Noticing me staring at his pipe, Burt explained, “It’s for fights. You need to be prepared.” He then suggested that “Betsy” (the pipe) had often saved his bacon. “What fights?” I wondered. And then it hit me. Burt was a walking time bomb. He was so spontaneously aggressive in most interactions that he caused heated debates, even fights, everywhere he went. His view, of course, was that the world was dangerous and he needed to carry a lead pipe in case a fight “broke out” somewhere.

Like Charles Shultz’ character Pigpen, who walks around causing the very cloud of dust that surrounds him (and that’s all he sees), Burt created his own cloud of forceful and violent debate. Violence was all he knew because it was all he saw. It was all he saw because wherever he went, it was what he brought out in others. Of course, since he constantly saw others acting violently, he thought everyone was violent most of the time and that made his aggressive style, if not okay, at least normal.

Burt confirmed my suspicions that he was creating a false “normal” one day when he asked, “Why are you singling me out for being too aggressive? Everyone I work with is verbally violent. Don’t you remember that time you yelled at me?”

“True,” I answered, but you’re the only person I’ve been verbally violent with in my entire career.”

“Are you saying,” Burt asked, “that I’m causing others to become argumentative?”

“To find out,” I suggested, “watch for heated arguments at work that you aren’t part of, then report back to me.” A month later, Burt reported that he had seen no verbal battles—except for his own—which had been plentiful. And then it happened. Burt began seeing himself as a causal force in his violent world rather than merely an innocent bystander. Then I asked Burt to look for what he was doing that might be causing the friction. He came back with a list that he started working on immediately.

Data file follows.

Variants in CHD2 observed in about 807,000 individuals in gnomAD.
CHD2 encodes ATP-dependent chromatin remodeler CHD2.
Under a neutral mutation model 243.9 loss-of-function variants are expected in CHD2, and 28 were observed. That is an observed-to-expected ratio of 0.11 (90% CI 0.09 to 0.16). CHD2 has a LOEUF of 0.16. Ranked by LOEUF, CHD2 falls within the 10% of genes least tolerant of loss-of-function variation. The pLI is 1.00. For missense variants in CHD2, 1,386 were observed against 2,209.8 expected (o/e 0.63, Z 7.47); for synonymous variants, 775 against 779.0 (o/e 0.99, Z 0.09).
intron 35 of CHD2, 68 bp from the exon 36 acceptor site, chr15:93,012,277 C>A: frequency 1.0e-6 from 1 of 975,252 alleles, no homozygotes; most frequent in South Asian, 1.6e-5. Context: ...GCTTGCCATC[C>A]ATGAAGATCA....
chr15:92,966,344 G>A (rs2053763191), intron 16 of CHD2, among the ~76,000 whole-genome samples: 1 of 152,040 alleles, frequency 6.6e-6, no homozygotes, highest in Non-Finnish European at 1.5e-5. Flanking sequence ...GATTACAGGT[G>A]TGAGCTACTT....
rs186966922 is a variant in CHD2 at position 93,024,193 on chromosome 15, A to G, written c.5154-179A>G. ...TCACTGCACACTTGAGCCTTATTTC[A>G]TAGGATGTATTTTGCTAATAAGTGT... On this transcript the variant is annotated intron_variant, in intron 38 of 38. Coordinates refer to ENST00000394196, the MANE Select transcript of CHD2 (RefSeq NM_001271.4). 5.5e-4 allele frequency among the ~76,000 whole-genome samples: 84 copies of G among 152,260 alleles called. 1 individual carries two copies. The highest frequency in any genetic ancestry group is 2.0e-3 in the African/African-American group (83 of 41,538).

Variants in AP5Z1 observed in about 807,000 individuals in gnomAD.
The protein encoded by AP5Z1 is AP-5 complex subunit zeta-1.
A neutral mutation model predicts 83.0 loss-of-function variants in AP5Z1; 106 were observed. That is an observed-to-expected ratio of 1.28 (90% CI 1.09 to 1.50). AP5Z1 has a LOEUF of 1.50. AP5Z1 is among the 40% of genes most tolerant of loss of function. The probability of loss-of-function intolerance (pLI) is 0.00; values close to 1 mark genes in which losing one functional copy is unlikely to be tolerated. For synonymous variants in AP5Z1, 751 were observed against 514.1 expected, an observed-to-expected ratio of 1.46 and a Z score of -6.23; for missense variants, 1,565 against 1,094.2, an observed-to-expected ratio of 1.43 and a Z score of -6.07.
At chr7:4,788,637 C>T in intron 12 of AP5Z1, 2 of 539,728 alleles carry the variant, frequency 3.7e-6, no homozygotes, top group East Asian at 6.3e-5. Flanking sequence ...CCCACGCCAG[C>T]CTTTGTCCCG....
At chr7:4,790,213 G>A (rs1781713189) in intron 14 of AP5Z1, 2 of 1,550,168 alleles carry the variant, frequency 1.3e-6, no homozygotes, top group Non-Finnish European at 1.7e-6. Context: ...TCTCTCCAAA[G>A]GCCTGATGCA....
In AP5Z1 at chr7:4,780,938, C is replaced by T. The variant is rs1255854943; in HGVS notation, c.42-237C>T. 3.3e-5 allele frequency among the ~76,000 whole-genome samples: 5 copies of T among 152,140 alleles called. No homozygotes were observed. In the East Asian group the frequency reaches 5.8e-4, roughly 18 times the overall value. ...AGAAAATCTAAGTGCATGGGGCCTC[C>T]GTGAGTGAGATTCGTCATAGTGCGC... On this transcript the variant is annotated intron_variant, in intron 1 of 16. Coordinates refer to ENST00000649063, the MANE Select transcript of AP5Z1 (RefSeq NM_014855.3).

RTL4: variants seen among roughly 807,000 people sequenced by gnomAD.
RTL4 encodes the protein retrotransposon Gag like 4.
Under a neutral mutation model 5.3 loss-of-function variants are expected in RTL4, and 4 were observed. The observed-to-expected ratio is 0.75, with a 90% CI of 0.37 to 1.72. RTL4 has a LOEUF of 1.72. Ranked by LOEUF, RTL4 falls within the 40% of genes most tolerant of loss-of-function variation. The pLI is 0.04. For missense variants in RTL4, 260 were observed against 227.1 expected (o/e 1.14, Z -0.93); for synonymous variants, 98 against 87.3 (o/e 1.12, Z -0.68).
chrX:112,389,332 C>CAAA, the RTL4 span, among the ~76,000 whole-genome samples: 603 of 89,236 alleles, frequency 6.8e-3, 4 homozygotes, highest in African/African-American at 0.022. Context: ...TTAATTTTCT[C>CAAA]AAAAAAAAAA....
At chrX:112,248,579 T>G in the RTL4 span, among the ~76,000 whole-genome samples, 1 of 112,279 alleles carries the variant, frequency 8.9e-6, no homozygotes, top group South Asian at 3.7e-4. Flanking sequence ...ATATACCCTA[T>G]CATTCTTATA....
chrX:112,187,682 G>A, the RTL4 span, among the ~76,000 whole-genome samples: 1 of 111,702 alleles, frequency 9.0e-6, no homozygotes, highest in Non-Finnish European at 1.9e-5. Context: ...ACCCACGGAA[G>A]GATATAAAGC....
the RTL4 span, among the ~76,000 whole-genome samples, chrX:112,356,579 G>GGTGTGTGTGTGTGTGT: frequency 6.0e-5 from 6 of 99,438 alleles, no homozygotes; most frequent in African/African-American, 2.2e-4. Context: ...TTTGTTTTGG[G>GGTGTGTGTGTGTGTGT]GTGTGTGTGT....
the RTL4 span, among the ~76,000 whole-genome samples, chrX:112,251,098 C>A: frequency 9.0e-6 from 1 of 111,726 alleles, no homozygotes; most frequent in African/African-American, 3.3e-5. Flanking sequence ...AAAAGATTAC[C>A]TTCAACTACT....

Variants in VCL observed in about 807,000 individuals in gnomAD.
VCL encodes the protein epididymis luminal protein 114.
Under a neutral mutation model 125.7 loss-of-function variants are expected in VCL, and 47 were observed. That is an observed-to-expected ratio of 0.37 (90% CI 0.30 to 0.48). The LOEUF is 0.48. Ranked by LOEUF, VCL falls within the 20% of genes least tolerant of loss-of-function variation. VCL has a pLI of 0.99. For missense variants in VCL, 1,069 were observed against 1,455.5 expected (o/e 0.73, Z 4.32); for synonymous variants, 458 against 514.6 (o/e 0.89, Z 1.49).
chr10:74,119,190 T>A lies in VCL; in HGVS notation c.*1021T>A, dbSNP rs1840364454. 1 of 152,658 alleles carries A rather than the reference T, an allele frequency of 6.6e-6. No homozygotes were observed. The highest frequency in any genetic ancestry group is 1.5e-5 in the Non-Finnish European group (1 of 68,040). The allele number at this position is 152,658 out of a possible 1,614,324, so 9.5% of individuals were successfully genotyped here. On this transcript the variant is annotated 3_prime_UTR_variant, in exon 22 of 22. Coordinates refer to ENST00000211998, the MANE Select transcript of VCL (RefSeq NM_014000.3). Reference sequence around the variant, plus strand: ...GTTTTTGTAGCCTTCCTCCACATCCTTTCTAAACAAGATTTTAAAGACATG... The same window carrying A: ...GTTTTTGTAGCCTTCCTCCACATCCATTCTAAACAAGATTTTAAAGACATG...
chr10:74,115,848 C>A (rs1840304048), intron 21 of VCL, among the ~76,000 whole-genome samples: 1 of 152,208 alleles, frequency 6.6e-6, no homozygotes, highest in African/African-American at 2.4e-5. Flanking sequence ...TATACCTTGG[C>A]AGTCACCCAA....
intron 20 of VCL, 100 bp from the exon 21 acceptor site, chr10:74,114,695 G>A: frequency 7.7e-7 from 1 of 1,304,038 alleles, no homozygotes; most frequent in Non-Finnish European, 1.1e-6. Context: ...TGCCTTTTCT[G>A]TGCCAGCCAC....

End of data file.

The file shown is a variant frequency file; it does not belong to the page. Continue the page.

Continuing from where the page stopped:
Burt didn’t totally transform during the time we worked together, but the changes he did make only came after he realized that he had followed a dangerous path to verbal violence. First, his aggressive style often brought out the worst in others making him an active participant in creating his own unhealthy environment. Second, he had come to see the harmful reactions he routinely created as normal, even acceptable. In short, Burt saw no need to change until he realized that the world before and after he entered the scene was far more peaceful than the one he created through his own aggressive actions.

So, if you’re struggling with how relationships or conversations are being handled in your life, one first step toward change can be taking a good look around and questioning your own “normal.” It can be intimidating to review our own part in the problems we’re experiencing, but trust me, it sure beats carrying around a lead pipe.

Did you enjoy this article? Subscribe to our newsletter to receive more like this in your inbox each week!

Crucial Conversations QA

Recovering From Childhood Stereotypes

Dear Steve,

I’ve learned much about interacting with people through my career experiences and training—including some of your training—as an engineering project manager. I have been quite successful at putting these skills into effect, and have even taught some of them to my kids. However, I have had very little success in applying the same skills with extended family members. In particular, these are people who have not been a part of my daily life for many years i.e., we get together occasionally but don’t interact regularly.

Although many relatives relate to me as the person I am today, my siblings, parents, and some cousins insist on treating me as the person I was many years ago as a child or teenager. They refuse to acknowledge any of my growth. I find it difficult to have meaningful relationships with people who treat me as they remember me as a child despite the fact that I am in my 50’s, have had a successful career, and have raised three successful children. Do you have any advice for how to hold these kinds of conversations?

Signed,
Stuck in the Past

Dear Stuck in the Past,

I can relate. I married the second youngest of eight children, which at the time seemed to be all upside. I was instantly part of a large family with lots of brothers- and sisters-in-law as well as many nieces and nephews. They are a wonderful family and I really enjoy my interactions with all of the siblings. What I didn’t realize at the time we were married, is that I was joining the family in a pre-established position of sorts.